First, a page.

|Publication number||US4006645 A|
|Application number||US 05/509,586|
|Publication date||Feb 8, 1977|
|Filing date||Sep 26, 1974|
|Priority date||Sep 26, 1974|
|Also published as||USB509586|
|Publication number||05509586, 509586, US 4006645 A, US 4006645A, US-A-4006645, US4006645 A, US4006645A|
|Inventors||William H. Newell|
|Original Assignee||The Perkin-Elmer Corporation|
|Export Citation||BiBTeX, EndNote, RefMan|
|Patent Citations (3), Referenced by (11), Classifications (14), Legal Events (1)|
|External Links: USPTO, USPTO Assignment, Espacenet|
This invention relates to alignment mechanisms in general, and more particularly to an improved X, Y, θ alignment mechanism, particularly useful in alignment of optical apparatus. In copending U.S. application, Ser. No. 339,860 filed Mar. 9, 1973 and assigned to the same assignee as the present invention, an optical projecting and scanning apparatus useful for producing integrated circuits is disclosed. In such an apparatus, the alignment between a mask and a wafer is required. That is to say, both the wafer and the mask must be translated in two orthogonal directions and rotated about their respective centers in order to align the wafer with the image of the mask. If such is not done without cross-coupling, the operator can become confused and alignment may take an undue amount of time. In addition, proper alignment requires very fine adjustment in the order of a micron.
Thus, it is the object of the present invention ot provide such an alignment mechanism which has negligible cross-coupling and which, at the same time, permits the fine adjustment required.
The present invention solves this problem through the use of four links pivotally connected in a parallelogram. In the application to the mask and wafer, both the mask and the wafer are supported for motion in such a manner. Although herein the mask and wafer arrangement is used as an example, it will be recognized that the adjustment apparatus can be used for other purposes. Thus, where herein the adjustment is of the mask or the wafer with respect to a fixed base, in general terms, the adjustment can be considered a relative adjustment between any two objects. In the disclosed embodiment, the mask is arranged for only coarse alignment. The wafer drive is arranged for fine adjustment and uses flexures to eliminate lost motion. However, in each case, motion is obtained through the use of four links pivotally connected in a parallelogram with the base of the mask or wafer support forming one link therein. In each case, this arrangement permits motions which are essentailly independent of each other to thereby permit ease of adjustment. In the wafer alignment apparatus, the required fine adjustment is then accomplished through the use of flexures as noted above.
FIG. 1 is a diagrammatical view in elevation of one embodiment of the present invention for adjusting the mask stage in an optical projection and scanning apparatus.
FIG. 2 is a fragmentary view in elevation of the apparatus shown in FIG. 1 seen in the directions of the arrow 2--2 in FIG. 1.
FIG. 3 is a fragmentary sectional view taken on the line 3--3 of FIG. 1 shown together with a sectional view of means which define the plane of the mask.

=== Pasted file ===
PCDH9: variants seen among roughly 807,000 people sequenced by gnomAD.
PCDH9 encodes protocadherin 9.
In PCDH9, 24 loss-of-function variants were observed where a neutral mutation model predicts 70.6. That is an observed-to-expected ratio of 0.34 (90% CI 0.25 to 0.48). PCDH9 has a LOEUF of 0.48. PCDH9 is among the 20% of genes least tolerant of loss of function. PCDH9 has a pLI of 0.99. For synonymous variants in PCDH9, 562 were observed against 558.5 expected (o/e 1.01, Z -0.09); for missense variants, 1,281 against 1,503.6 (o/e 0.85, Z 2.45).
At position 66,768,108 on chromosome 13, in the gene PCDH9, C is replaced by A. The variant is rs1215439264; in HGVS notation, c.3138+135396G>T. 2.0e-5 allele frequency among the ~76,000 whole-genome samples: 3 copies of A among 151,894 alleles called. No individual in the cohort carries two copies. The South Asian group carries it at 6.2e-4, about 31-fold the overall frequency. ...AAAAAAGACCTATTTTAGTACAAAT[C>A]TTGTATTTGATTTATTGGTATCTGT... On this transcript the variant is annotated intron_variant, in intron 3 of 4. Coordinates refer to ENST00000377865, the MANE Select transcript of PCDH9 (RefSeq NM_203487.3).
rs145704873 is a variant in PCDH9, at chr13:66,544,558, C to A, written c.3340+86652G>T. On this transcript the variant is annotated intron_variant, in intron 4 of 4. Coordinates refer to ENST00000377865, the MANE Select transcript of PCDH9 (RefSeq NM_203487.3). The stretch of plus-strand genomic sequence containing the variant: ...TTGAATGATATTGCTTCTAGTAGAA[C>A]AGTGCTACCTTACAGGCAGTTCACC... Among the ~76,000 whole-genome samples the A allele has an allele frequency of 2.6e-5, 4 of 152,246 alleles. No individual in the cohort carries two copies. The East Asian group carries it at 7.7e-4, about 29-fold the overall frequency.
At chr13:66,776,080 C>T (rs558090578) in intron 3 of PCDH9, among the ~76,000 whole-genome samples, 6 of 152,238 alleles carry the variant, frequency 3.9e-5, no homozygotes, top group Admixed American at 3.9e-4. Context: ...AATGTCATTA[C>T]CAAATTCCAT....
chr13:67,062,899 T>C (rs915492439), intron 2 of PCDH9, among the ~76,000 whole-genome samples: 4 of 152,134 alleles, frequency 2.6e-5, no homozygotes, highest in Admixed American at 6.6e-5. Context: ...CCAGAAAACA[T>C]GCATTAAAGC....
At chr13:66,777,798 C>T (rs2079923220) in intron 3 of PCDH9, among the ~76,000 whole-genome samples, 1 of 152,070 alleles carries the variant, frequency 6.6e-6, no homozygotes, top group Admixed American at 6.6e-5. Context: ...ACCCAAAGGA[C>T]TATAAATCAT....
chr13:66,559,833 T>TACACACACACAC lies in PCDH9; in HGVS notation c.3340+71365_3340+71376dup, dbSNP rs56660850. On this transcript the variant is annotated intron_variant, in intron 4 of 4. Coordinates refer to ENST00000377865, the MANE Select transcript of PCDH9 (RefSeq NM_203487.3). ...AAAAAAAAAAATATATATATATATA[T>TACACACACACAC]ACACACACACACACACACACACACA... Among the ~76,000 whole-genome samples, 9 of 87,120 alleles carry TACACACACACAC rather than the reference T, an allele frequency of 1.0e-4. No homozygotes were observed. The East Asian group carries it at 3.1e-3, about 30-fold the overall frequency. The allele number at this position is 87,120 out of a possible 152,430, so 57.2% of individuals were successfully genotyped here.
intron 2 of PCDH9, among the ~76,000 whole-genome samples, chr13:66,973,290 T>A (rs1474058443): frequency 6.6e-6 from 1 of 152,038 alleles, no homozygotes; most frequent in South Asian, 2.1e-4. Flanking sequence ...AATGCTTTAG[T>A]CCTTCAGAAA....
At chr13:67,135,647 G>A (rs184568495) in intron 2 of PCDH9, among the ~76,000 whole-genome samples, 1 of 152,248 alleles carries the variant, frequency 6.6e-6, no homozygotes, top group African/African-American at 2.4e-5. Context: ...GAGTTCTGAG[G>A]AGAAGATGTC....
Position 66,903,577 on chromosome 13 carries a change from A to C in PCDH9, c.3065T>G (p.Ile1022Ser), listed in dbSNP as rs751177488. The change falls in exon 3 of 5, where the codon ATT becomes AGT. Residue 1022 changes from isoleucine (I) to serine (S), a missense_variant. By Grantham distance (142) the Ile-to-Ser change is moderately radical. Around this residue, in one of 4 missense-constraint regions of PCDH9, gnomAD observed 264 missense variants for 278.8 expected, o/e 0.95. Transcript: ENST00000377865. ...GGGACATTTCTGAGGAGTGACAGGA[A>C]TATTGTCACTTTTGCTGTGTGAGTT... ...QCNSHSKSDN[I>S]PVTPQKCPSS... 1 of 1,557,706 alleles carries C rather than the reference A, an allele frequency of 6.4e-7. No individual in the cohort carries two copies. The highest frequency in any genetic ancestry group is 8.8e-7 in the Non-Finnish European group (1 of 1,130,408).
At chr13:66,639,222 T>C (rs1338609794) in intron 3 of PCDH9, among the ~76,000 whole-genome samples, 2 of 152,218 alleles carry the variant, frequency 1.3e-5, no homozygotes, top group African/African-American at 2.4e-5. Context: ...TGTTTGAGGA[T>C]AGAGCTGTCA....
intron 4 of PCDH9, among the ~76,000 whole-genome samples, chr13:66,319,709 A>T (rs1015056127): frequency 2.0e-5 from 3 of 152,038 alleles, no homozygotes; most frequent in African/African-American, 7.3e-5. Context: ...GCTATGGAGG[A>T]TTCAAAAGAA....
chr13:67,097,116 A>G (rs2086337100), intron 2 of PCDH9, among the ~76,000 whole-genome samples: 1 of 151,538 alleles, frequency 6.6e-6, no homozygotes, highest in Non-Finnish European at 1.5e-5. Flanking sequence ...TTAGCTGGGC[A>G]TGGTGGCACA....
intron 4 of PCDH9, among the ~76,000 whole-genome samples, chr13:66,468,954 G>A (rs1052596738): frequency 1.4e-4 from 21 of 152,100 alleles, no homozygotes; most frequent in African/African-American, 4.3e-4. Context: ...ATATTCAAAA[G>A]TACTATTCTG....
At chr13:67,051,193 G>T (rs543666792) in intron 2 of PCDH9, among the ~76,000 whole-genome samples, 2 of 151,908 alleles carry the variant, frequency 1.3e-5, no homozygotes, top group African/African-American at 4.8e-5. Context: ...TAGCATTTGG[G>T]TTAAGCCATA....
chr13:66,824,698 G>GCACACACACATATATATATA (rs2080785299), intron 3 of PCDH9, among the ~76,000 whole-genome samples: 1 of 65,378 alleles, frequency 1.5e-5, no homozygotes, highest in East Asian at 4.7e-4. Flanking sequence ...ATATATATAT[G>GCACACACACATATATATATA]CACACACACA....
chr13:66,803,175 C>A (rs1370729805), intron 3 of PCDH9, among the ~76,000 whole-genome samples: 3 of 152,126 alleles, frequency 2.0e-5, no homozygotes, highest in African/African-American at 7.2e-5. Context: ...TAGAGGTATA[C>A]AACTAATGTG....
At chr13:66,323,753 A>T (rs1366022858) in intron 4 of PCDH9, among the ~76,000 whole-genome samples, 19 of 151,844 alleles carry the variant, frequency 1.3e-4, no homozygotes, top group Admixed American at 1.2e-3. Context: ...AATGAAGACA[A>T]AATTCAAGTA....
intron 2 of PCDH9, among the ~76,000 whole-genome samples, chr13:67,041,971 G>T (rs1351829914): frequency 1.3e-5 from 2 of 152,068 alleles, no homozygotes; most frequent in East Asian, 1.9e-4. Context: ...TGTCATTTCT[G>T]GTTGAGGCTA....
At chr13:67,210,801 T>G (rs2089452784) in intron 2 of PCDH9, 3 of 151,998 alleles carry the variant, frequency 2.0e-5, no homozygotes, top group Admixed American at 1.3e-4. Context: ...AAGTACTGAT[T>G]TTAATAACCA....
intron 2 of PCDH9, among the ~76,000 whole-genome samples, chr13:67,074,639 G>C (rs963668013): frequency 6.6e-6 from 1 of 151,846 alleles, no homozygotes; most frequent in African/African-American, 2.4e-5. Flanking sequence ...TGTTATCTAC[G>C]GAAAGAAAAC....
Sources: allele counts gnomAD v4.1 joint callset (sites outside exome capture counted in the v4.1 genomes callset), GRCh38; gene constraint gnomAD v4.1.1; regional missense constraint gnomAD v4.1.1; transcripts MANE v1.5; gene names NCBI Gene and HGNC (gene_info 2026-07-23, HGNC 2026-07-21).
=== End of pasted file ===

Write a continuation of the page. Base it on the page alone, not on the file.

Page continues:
FIG. 4 is an elevation view of a second embodiment of the present invention useful for adjusting the wafer stage in an optical projection and scanning apparatus.
FIG. 5 is a diagrammatical sectional view of the arrangement of FIG. 4.
The present invention is disclosed as applied to an optical projection and scanning apparatus such as that disclosed and claimed in the aforementioned copending application. The invention will first be disclosed in an embodiment which permits coarse alignment. In the aforementioned patent application, the coarse alignment mechanism is used for adjusting the mask carrier. FIGS. 1, 2 and 3 illustrate this first embodiment.
The mask carrier bar 240 of the mask carrier constitutes part of the parallelogram motion mechanism of the present invention by means of which the mask can be moved independently in perpendicular X and Y directions, and also rotated, in planes parallel to the object focal plane defined by the rim 239 (FIG. 3) of the position-defining member 246. This parallelogram motion mechanism includes in addition to the bar 240, a plate 254 and two links 256 and 258. These are pivoted together at pivots 253, 255, 257 and 259. The spacing from 253 and 255 is the same as the spacing from 259 to 257 and the spacing from 259 to 253 is the same as the spacing from 257 to 255. Three gear sectors 264, 266 and 268 are pivoted to a plate 204 at 265, 267 and 269. A pin 270 on sector 264 engages an extension 258' of link 258 at a slot 272 in that extension. A pin 274 couples sector 266 to plate 254, and a pin 276 on sector 268 engages the plate 254 at a slot 278. Separate motors disposed on the side of plate 204 but not seen in FIG. 1 and selectively controlled from a control panel, rotate pinions 280, 282, and 284 which mesh with sectors 264, 266 and 268 respectively.
Plate 254 and hence the parallelogram comprising that plate, bar 240 and links 256 and 268, is coupled to plate 204, i.e., to "ground," through pivot 274 and sector 266. With pinions 282 and 284 stationary, plate 254 is stationary and rotation of sector 264 rotates link 258 about a stationary pivot at 255. Link 256 therefore rotates about a stationary pivot at 257, and bar 240 with the mask stage executes parallel motion along an arcuate circular path. For the small excursions required however, this motion is essentially horizontal in FIG. 1, and hence can be referred to as an X motion for the mask.